Last lecture left off discussing the "marriage" of vectors and calculus in order to find a vector tangent to a given curve in the x-y plane. The following example illustarates exactly how this can be done.
In three dimensions, the two dimentional concepts are extended, with the simple addition of a third component- the unit vector parallel to the z axis, k.
Magnitude and direction are still computed in extremely similar ways.
We would still like to have angles to describe direction rather than a difficult to grasp set of components. Two Dimentions required one angle to define a direction. In three dimensions we'll need two.
Spherical coordinates define a vector in terms of its length (R), an angle between the vector and the z-axis (phi), and the angle between the vectors projection onto the xy plane and the x-axis (theta). [See picture below].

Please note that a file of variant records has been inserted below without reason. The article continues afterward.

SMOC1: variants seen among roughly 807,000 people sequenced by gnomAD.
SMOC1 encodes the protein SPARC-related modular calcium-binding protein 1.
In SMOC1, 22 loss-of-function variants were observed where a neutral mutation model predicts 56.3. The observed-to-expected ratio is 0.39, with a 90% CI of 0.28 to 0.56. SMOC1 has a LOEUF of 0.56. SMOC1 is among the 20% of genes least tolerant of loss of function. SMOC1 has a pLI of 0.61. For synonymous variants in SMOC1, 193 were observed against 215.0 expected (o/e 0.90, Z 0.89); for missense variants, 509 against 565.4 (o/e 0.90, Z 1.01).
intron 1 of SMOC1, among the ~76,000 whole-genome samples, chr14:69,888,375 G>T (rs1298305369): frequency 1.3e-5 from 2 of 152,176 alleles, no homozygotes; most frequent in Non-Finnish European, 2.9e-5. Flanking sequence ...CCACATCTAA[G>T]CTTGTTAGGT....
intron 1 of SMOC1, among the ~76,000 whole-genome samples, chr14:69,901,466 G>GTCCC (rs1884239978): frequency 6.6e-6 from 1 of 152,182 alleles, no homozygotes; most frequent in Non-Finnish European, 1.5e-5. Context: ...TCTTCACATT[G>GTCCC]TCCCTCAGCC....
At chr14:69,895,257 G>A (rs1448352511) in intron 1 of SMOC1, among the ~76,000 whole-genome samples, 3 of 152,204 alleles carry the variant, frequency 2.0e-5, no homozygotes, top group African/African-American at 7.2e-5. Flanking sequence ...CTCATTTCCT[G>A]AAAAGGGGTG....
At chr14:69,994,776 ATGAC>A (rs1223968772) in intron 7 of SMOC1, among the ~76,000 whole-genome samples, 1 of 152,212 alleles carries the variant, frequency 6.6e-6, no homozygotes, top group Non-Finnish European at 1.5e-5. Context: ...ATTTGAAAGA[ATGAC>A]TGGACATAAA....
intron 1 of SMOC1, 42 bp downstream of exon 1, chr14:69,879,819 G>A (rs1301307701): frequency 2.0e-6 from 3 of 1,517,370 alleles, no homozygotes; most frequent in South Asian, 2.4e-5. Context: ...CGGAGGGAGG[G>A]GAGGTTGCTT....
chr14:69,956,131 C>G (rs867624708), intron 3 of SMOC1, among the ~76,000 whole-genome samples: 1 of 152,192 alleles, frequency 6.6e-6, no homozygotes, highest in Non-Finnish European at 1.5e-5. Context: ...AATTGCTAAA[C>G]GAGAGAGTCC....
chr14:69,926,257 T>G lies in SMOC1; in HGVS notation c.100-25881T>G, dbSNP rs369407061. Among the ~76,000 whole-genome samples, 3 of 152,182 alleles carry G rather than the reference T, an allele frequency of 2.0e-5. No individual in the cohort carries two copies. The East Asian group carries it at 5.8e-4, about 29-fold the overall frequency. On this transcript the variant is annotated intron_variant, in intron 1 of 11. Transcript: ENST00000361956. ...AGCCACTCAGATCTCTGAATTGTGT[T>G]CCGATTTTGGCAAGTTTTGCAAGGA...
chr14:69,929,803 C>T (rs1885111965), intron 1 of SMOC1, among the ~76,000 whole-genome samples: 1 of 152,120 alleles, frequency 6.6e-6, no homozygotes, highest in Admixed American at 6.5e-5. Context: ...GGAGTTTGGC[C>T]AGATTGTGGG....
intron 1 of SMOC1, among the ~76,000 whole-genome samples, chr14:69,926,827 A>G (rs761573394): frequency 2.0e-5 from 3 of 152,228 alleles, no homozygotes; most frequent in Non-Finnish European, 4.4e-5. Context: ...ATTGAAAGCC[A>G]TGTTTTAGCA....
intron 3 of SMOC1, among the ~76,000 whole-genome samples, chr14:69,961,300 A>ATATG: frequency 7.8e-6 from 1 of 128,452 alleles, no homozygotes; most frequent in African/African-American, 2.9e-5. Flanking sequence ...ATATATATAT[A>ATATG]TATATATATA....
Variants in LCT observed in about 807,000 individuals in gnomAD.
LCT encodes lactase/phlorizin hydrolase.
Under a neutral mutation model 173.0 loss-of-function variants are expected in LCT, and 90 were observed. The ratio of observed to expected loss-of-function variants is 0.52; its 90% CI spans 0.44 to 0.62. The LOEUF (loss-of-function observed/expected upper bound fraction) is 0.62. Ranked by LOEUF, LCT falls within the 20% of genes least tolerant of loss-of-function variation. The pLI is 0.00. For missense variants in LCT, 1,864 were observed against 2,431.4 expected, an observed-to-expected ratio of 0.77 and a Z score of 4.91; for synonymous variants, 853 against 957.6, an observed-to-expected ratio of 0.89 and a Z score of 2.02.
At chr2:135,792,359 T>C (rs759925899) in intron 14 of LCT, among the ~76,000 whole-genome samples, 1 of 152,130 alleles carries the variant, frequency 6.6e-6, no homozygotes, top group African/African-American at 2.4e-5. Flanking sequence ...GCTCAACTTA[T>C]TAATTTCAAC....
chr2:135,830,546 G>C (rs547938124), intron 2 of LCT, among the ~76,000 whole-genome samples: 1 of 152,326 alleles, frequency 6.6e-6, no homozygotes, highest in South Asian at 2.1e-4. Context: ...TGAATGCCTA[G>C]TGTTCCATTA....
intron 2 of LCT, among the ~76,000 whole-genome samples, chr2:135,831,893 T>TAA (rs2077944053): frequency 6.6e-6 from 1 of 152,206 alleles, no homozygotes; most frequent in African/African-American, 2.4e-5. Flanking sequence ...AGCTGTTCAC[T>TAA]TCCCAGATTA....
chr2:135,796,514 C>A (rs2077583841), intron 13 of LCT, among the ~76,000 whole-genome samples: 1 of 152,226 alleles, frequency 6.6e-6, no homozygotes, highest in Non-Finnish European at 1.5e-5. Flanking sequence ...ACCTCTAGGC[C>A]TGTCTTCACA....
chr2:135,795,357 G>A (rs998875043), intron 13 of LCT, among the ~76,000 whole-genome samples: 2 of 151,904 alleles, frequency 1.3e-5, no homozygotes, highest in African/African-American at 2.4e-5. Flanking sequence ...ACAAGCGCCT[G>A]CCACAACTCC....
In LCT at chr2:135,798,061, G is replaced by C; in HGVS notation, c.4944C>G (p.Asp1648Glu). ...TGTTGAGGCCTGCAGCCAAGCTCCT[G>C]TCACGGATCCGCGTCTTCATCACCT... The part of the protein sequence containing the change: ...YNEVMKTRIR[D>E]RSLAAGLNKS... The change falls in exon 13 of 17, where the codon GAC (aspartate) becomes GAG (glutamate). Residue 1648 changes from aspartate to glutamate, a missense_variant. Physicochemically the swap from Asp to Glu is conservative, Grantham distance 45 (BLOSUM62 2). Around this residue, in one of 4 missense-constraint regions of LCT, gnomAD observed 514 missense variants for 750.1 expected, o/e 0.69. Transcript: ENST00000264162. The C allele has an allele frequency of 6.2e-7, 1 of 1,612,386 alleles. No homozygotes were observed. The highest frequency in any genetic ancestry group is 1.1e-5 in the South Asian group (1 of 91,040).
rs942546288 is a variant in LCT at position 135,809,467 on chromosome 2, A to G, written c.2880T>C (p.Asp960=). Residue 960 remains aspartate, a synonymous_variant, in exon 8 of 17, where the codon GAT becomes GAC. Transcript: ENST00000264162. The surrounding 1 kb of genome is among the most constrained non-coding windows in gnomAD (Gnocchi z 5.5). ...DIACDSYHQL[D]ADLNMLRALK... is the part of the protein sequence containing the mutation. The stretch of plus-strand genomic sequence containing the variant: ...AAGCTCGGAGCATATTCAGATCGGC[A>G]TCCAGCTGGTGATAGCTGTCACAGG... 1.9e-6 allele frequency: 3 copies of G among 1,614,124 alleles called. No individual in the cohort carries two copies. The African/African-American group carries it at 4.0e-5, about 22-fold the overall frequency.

By looking at the right triangles formed by the vector, its projection, and the axes, the relationship between the Spherical coordinates and Cartesian ones can be determined. It turns out that x = R sin (phi) cos (theta); y = R sin (phi) sin (theta); and z = R cos (phi).
The first equation is that of a sphere, while the second is that of a horizontal plane. The plane cuts the sphere parallel to the xy plane creating an intersection set of a circle. This is pictured below (Generated by Mathematica).
This equation is the mathematical solution of the first set of equations, but it behaves very differently. Because z is not specified here, it can be anything and the result is the cylinder pictured below, which has its axis on the z axis and a radius of .866 (Generated by Mathematica).